It was a chilly but sunny Berlin day when Camille met us at Chido’s and escorted us underground into Chido’s mushroom growing facility. Out of the chill it felt quite warm in the basement illuminated by bright bulbs with walls covered in heavy black plastic. About a year ago I heard the fascinating Chido Govera story and wanted to learn more about the mushroom growing operation named after her in Berlin. Here’s a clever and intriguing video showing what they do at the heart of their growing facility in their Berlin cellar.
Coffee grounds are collected everyday by bicycle and brought to the facility. It is mixed with an organic substrate and spores from different types of gourmet oyster mushrooms ranging in colours from pink, to yellow and white.
Walking through the various rooms we observed how the mushrooms are cultivated from incubation to harvesting. The best way I can describe it is absolutely surreal.
Their goal is to keep the operation as carbon neutral as possible while providing high quality mushrooms to gourmet restaurants and local markets. I remembered walking through a meat market in Bologna and thinking how much this resembled hooks of prosciutto hanging from the ceiling. This is much kinder, and in so many ways more delicious. One of the best things about these mushrooms is they contain loads of vitamin B12 which is a vitamin that vegans don’t normally find in their food and have to take as a supplement.
You can even buy individual kits to grow them at home or give as gift (perfect idea if you are gift-giving during the upcoming holiday season).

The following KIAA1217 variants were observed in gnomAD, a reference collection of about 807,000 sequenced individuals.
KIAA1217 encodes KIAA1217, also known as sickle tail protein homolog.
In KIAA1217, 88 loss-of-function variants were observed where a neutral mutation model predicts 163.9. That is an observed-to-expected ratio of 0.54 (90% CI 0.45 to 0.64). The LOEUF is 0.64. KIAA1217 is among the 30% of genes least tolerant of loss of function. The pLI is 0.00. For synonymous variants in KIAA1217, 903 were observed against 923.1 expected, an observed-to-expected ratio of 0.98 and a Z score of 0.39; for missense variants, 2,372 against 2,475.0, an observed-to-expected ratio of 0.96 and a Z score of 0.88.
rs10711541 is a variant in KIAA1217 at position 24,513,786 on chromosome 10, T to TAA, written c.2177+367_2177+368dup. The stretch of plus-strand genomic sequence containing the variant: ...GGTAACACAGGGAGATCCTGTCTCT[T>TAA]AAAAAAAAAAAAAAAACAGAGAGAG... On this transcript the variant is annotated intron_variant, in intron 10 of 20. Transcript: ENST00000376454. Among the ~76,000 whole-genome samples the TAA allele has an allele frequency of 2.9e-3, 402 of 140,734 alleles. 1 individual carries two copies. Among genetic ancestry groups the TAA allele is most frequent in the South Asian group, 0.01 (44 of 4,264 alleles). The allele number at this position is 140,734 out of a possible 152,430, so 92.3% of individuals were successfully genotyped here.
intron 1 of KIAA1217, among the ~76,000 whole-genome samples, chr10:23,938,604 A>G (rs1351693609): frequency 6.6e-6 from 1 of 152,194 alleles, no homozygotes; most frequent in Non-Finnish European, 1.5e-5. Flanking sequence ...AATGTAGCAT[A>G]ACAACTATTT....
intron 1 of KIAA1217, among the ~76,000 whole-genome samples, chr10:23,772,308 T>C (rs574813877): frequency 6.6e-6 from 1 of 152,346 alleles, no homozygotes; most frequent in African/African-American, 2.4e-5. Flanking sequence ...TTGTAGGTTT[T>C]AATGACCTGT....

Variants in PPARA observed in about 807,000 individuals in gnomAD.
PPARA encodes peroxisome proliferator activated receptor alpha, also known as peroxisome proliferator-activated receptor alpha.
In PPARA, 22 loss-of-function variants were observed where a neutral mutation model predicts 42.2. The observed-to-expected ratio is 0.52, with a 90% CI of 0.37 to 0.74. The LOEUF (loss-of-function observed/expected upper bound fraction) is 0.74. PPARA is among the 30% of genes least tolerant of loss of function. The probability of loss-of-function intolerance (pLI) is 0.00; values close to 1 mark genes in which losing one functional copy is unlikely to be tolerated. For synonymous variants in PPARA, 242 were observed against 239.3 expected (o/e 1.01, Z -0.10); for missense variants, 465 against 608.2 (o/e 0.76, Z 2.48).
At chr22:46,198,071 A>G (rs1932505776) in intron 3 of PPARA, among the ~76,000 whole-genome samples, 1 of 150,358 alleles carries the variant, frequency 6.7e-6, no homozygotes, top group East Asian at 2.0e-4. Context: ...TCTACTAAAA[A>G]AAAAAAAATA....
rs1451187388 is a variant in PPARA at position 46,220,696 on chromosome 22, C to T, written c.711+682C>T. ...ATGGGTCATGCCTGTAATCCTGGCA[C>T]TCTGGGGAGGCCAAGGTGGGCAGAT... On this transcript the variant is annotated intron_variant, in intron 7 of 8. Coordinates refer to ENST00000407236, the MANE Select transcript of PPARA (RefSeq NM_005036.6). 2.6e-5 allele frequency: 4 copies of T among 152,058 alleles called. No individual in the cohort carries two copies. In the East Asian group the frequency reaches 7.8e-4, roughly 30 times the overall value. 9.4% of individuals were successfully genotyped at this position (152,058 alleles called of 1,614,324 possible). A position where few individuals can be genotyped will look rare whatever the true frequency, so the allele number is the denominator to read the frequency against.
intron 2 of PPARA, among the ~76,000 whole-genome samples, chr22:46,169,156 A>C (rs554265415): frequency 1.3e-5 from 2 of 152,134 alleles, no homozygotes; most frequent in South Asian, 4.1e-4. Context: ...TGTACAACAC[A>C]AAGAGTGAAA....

Thank you Camille for your wonderful tour and the tasty treats you prepared from the mushrooms! After the tour with the Berlin International Womens Club, I was eager to get back to the kitchen and create a delicious treat to share with friends.
Pink Oyster Mushroom and Mozzarella Bruschetta
F&W magazine adaptation
1000 g pink mushrooms, trimmed and sliced (you can also use a mix of other mushrooms)
2 garlic cloves, diced fine
1 teaspoon fresh thyme, chopped
1 teaspoon finely grated lemon zest
¼ cup good quality olive oil, plus more for brushing
salt and freshly ground pepper from the mill
16 slices of baguette or country bread, about ½ inch thick
In a large bowl, toss the ‘shrooms with the garlic, thyme, lemon zest and olive oil. Let stand for one hour. In a wide fry pan on high heat, cook the mushrooms with salt and pepper stirring occasionally until they have released their juices (about 8 minutes).
Because our guests were not arriving at the same time I put the bread in the toaster 6 at a time, then brushed the slices with the juices from the mushroom pan. Alternatively you can brush all of the bread with some olive oil and toast in the oven until golden. You’ll have to turn the bread to toast both sides.
Spread the mushrooms on the slices of toast. Top with Daiya and serve immediately while still warm.
Note: you can contact Camille for more information about their home kits, purchasing mushrooms or their public harvesting days.